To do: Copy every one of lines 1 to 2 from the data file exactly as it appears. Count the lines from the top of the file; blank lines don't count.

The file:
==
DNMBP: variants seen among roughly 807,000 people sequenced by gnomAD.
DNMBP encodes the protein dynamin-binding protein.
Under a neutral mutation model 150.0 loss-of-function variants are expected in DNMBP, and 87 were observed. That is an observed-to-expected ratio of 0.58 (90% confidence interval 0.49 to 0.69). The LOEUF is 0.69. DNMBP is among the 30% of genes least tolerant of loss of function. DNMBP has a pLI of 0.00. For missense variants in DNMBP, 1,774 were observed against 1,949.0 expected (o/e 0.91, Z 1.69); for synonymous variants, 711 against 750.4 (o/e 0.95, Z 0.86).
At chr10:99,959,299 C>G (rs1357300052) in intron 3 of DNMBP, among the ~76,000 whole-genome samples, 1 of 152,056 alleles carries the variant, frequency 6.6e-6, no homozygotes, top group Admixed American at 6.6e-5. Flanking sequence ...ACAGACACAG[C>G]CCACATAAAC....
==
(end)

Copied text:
DNMBP: variants seen among roughly 807,000 people sequenced by gnomAD.
DNMBP encodes the protein dynamin-binding protein.